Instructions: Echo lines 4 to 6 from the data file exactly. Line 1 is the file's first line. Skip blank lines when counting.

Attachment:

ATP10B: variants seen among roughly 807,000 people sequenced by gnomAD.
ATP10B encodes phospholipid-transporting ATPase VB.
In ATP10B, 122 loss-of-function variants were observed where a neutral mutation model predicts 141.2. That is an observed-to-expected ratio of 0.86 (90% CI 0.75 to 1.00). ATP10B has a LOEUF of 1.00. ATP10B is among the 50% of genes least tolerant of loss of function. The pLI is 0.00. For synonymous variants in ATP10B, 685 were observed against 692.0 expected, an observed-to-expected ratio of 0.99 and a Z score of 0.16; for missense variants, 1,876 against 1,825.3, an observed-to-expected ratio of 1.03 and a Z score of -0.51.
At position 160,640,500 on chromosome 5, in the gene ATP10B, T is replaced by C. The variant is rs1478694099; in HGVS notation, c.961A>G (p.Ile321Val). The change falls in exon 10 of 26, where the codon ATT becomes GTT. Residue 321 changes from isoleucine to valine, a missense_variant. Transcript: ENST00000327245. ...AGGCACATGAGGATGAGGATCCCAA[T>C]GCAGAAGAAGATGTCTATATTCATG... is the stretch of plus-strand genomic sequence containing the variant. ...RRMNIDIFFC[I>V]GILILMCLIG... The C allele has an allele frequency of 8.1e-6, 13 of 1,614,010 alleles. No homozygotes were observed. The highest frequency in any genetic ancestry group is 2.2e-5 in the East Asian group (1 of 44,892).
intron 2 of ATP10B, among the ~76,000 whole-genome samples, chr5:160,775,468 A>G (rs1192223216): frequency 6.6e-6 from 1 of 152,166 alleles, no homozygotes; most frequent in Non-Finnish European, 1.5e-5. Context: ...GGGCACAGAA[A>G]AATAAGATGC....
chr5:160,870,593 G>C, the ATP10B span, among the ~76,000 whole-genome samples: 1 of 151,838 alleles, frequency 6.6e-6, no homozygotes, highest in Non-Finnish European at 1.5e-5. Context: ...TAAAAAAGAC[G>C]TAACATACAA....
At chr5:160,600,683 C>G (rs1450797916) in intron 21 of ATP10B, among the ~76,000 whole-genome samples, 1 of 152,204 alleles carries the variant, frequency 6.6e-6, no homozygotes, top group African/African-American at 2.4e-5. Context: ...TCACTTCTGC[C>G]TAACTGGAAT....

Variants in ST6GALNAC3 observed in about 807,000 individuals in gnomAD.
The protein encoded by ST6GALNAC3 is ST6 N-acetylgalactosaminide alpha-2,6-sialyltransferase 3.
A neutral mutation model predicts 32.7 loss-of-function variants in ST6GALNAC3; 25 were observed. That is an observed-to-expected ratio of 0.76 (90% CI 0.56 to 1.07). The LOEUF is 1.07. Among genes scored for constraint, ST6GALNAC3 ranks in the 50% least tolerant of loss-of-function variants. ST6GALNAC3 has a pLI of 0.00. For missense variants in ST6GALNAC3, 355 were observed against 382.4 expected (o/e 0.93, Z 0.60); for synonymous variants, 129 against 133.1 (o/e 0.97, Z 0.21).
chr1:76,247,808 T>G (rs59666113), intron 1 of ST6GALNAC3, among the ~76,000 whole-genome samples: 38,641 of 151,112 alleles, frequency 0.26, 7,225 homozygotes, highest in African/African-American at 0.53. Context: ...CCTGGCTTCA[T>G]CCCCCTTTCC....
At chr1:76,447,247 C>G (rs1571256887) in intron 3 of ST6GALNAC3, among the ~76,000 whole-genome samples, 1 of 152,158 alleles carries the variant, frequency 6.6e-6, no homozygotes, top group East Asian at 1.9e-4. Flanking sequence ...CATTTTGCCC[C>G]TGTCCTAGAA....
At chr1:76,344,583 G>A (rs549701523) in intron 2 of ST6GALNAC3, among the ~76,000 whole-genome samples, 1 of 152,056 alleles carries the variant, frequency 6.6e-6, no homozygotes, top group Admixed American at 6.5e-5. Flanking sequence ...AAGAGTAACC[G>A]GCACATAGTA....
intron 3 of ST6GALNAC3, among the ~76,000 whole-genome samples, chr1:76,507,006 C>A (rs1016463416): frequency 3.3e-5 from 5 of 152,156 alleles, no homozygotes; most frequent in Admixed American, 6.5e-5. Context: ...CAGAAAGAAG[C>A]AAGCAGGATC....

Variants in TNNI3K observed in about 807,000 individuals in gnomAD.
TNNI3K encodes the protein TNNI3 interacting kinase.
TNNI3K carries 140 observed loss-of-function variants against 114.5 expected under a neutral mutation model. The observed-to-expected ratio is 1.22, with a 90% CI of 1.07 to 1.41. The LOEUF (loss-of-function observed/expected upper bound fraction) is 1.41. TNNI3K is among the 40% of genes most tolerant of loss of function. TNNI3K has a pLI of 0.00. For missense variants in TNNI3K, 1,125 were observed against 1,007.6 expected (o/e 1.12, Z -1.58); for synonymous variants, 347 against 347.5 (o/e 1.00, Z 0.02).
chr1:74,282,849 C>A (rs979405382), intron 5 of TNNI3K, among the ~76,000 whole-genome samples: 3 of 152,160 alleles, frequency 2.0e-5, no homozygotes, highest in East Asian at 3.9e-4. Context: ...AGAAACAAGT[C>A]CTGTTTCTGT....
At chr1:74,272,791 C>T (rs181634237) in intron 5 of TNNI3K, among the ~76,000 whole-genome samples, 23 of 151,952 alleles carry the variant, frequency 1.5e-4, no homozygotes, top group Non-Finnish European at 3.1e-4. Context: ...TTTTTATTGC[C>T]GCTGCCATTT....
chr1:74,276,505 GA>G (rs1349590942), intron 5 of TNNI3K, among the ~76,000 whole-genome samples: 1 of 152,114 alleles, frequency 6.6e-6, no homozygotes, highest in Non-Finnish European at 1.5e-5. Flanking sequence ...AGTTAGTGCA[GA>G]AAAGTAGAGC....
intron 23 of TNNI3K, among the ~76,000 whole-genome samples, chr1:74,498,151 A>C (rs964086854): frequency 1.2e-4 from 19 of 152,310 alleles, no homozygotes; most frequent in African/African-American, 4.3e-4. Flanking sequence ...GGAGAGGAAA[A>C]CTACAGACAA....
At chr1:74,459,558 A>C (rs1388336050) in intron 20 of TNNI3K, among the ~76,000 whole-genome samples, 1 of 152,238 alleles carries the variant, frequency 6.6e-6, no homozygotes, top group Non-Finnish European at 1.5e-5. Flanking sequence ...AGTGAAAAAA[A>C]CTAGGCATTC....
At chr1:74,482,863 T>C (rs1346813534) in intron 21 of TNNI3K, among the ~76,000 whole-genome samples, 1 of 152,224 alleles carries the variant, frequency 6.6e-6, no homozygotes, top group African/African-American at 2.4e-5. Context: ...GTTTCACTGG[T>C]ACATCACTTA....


At position 160,640,500 on chromosome 5, in the gene ATP10B, T is replaced by C. The variant is rs1478694099; in HGVS notation, c.961A>G (p.Ile321Val). The change falls in exon 10 of 26, where the codon ATT becomes GTT. Residue 321 changes from isoleucine to valine, a missense_variant. Transcript: ENST00000327245. ...AGGCACATGAGGATGAGGATCCCAA[T>C]GCAGAAGAAGATGTCTATATTCATG... is the stretch of plus-strand genomic sequence containing the variant. ...RRMNIDIFFC[I>V]GILILMCLIG... The C allele has an allele frequency of 8.1e-6, 13 of 1,614,010 alleles. No homozygotes were observed. The highest frequency in any genetic ancestry group is 2.2e-5 in the East Asian group (1 of 44,892).
intron 2 of ATP10B, among the ~76,000 whole-genome samples, chr5:160,775,468 A>G (rs1192223216): frequency 6.6e-6 from 1 of 152,166 alleles, no homozygotes; most frequent in Non-Finnish European, 1.5e-5. Context: ...GGGCACAGAA[A>G]AATAAGATGC....
chr5:160,870,593 G>C, the ATP10B span, among the ~76,000 whole-genome samples: 1 of 151,838 alleles, frequency 6.6e-6, no homozygotes, highest in Non-Finnish European at 1.5e-5. Context: ...TAAAAAAGAC[G>C]TAACATACAA....